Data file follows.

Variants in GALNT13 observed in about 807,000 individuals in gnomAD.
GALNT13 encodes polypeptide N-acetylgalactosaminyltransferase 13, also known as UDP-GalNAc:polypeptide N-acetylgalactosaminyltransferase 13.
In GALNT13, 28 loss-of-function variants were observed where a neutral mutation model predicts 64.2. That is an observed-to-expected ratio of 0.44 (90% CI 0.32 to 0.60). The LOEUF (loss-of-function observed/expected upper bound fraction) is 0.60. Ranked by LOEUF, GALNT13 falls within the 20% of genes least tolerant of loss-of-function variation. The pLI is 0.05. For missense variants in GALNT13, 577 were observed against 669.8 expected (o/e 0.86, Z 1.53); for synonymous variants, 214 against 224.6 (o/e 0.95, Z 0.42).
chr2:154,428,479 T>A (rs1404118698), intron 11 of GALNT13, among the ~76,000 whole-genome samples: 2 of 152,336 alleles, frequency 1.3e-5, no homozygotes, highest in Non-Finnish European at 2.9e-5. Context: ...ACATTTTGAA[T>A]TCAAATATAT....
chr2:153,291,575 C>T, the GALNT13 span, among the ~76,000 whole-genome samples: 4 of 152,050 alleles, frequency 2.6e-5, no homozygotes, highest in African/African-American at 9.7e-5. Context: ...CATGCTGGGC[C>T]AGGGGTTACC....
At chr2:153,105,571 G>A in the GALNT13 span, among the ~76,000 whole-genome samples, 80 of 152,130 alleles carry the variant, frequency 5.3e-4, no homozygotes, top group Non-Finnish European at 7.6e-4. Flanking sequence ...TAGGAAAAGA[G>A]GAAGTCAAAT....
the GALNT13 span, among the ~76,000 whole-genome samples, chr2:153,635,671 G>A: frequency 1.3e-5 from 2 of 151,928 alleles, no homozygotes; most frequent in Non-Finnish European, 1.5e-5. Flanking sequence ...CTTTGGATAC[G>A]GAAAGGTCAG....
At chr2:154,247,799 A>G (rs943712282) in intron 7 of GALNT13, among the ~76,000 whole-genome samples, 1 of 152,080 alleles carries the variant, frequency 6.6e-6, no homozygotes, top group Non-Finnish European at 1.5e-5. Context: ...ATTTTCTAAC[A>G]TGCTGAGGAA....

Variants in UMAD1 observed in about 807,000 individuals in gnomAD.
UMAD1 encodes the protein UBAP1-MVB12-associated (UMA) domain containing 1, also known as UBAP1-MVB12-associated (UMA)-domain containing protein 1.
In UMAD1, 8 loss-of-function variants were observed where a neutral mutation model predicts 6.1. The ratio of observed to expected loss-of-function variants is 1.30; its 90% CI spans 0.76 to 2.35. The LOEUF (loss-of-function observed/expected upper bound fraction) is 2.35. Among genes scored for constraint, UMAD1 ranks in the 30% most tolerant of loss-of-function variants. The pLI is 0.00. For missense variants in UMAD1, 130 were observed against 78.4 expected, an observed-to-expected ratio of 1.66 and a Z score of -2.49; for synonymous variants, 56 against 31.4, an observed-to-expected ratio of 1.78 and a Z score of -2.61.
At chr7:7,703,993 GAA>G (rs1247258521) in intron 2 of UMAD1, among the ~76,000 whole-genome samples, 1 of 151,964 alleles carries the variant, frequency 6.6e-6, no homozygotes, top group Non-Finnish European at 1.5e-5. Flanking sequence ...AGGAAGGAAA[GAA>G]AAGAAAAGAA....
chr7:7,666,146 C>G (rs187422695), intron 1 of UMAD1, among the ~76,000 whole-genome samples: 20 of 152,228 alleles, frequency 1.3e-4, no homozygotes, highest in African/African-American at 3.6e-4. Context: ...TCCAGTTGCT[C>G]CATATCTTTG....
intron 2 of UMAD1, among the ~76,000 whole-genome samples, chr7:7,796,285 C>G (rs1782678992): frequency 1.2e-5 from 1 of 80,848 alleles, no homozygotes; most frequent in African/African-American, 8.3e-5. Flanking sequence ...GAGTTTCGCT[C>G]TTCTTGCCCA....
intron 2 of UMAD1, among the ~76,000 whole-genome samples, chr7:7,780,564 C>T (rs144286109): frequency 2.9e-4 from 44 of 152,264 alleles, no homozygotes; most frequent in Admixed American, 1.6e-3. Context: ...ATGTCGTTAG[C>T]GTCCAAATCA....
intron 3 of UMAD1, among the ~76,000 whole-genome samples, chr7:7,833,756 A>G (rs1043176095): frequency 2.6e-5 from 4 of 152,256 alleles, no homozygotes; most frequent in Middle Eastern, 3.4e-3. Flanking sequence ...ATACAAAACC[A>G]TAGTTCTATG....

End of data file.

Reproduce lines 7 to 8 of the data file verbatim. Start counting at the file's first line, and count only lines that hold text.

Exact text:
the GALNT13 span, among the ~76,000 whole-genome samples, chr2:153,635,671 G>A: frequency 1.3e-5 from 2 of 151,928 alleles, no homozygotes; most frequent in Non-Finnish European, 1.5e-5. Flanking sequence ...CTTTGGATAC[G>A]GAAAGGTCAG....
At chr2:154,247,799 A>G (rs943712282) in intron 7 of GALNT13, among the ~76,000 whole-genome samples, 1 of 152,080 alleles carries the variant, frequency 6.6e-6, no homozygotes, top group Non-Finnish European at 1.5e-5. Context: ...ATTTTCTAAC[A>G]TGCTGAGGAA....